'The Fosters' Takes a Groundbreaking Step Forward for Gay Teens on TV

'The Fosters' Takes a Groundbreaking Step Forward for Gay Teens on TV
ABC Family
ABC Family

Jude Foster kissed a boy Monday night, and it was positively groundbreaking. The character on ABC Family's The Fosters and his friend Connor Stevens are 13. Their kiss — but more importantly, their story — is the latest in a series of impressive steps forward for gay teens on television.

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After a friendship spanning The Fosters' first two seasons, Jude and Connor's relationship has taken a romantic bent in recent episodes. After kissing in a tent on a camping trip — off-screen — the two have been exploring their attraction with a smile here, a brush of hands there. We've seen similar plots before: One boy reads feelings into their relationship, and the other freaks out in response. But seeing mutual attraction play out in this fashion, especially among characters so young and not assured of their sexuality, is distinctive. It's a positive example for teen viewers that feels organic to the characters. It is yet another marker of tremendous progress for LGBTQ representation on TV.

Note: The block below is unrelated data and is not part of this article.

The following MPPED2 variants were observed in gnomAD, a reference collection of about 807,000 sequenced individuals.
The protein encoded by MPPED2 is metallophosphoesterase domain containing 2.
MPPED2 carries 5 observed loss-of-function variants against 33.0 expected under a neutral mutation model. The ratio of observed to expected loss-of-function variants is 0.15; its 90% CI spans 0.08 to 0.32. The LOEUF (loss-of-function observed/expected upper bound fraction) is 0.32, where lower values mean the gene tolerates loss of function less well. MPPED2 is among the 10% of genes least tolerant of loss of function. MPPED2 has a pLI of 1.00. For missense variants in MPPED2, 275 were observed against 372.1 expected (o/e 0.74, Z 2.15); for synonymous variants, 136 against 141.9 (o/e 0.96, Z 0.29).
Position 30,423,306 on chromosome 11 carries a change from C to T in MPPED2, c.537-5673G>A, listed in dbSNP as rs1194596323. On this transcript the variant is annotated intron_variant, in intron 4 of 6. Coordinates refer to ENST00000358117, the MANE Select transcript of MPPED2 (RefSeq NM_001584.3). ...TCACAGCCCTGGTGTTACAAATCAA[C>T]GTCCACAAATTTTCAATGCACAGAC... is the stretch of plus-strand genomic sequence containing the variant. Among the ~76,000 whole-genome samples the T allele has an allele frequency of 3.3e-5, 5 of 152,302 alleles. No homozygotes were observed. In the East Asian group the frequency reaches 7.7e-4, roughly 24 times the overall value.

Said progress has been slow at times, however. It was just 13 years ago that we saw the first kiss between two gay teen characters on TV: Jack and his boyfriend, David, on Dawson's Creek. Between now and then — and even before that step — both daytime and primetime TV saw a host of gay teens making their contributions to the long road ahead. Though Jude and Connor's kiss is thrilling, it's vital to remember those characters that helped pave the way.

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The first steps were small. The first queer teen character on primetime TV premiered in 1994 on a show as unprecedented as he was: My So-Called Life's Rickie Vasquez. A bisexual 15-year-old played by Wilson Cruz, Rickie was the best friend of series lead Angela Chase (a very young Claire Danes), but wasn't just an accessory for her. Like all the characters on the mid-'90s show, he had a difficult life with serious problems. He was kicked out of his home and found mentorship with his gay English teacher. He never had any explicitly romantic plots; that would have to wait for Jack McPhee to join Dawson's Creek in 1998.